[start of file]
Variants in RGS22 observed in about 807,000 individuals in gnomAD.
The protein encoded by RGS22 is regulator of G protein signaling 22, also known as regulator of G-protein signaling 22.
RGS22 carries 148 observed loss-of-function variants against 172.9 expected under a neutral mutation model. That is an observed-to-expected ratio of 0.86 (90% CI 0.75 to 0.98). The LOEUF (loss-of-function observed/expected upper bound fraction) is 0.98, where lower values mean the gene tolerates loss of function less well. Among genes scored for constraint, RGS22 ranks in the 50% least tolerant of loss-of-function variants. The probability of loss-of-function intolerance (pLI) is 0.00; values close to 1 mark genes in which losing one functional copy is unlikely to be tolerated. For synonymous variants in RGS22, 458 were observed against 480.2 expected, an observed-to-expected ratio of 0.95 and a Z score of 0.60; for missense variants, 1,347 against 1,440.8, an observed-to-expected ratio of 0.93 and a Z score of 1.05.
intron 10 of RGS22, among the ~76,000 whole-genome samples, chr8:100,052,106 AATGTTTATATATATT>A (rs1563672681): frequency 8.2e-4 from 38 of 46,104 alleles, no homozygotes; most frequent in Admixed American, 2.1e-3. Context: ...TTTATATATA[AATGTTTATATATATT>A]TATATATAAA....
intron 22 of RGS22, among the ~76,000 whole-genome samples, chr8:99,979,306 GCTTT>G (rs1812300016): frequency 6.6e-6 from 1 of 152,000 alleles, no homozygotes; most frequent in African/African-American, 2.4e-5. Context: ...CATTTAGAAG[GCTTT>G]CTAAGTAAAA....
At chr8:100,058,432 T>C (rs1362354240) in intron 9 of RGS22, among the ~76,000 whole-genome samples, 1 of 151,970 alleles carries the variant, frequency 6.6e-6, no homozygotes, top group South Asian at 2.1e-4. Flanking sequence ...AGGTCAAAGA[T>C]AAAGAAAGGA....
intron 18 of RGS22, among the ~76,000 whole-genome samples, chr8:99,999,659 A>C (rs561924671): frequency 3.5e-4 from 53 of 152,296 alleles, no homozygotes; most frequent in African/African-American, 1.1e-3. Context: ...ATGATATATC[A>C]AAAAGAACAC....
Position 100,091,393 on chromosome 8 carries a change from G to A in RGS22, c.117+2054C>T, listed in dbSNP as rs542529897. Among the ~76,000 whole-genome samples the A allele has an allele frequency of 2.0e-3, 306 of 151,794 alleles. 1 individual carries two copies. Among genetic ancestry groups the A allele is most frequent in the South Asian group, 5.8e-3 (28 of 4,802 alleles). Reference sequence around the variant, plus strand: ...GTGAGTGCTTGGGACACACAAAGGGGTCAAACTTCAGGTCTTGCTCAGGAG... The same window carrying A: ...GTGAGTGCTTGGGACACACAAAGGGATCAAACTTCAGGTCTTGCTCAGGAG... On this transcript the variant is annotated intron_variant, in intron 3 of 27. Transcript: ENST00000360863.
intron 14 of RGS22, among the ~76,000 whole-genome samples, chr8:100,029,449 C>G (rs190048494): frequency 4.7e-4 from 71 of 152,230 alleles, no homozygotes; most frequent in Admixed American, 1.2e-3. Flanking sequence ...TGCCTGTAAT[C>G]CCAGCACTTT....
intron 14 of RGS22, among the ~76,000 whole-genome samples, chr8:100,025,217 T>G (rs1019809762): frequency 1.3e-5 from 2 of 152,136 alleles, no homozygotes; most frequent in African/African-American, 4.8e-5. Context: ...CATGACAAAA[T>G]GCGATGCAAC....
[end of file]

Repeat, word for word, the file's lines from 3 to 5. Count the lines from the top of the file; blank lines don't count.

RGS22 carries 148 observed loss-of-function variants against 172.9 expected under a neutral mutation model. That is an observed-to-expected ratio of 0.86 (90% CI 0.75 to 0.98). The LOEUF (loss-of-function observed/expected upper bound fraction) is 0.98, where lower values mean the gene tolerates loss of function less well. Among genes scored for constraint, RGS22 ranks in the 50% least tolerant of loss-of-function variants. The probability of loss-of-function intolerance (pLI) is 0.00; values close to 1 mark genes in which losing one functional copy is unlikely to be tolerated. For synonymous variants in RGS22, 458 were observed against 480.2 expected, an observed-to-expected ratio of 0.95 and a Z score of 0.60; for missense variants, 1,347 against 1,440.8, an observed-to-expected ratio of 0.93 and a Z score of 1.05.
intron 10 of RGS22, among the ~76,000 whole-genome samples, chr8:100,052,106 AATGTTTATATATATT>A (rs1563672681): frequency 8.2e-4 from 38 of 46,104 alleles, no homozygotes; most frequent in Admixed American, 2.1e-3. Context: ...TTTATATATA[AATGTTTATATATATT>A]TATATATAAA....
intron 22 of RGS22, among the ~76,000 whole-genome samples, chr8:99,979,306 GCTTT>G (rs1812300016): frequency 6.6e-6 from 1 of 152,000 alleles, no homozygotes; most frequent in African/African-American, 2.4e-5. Context: ...CATTTAGAAG[GCTTT>G]CTAAGTAAAA....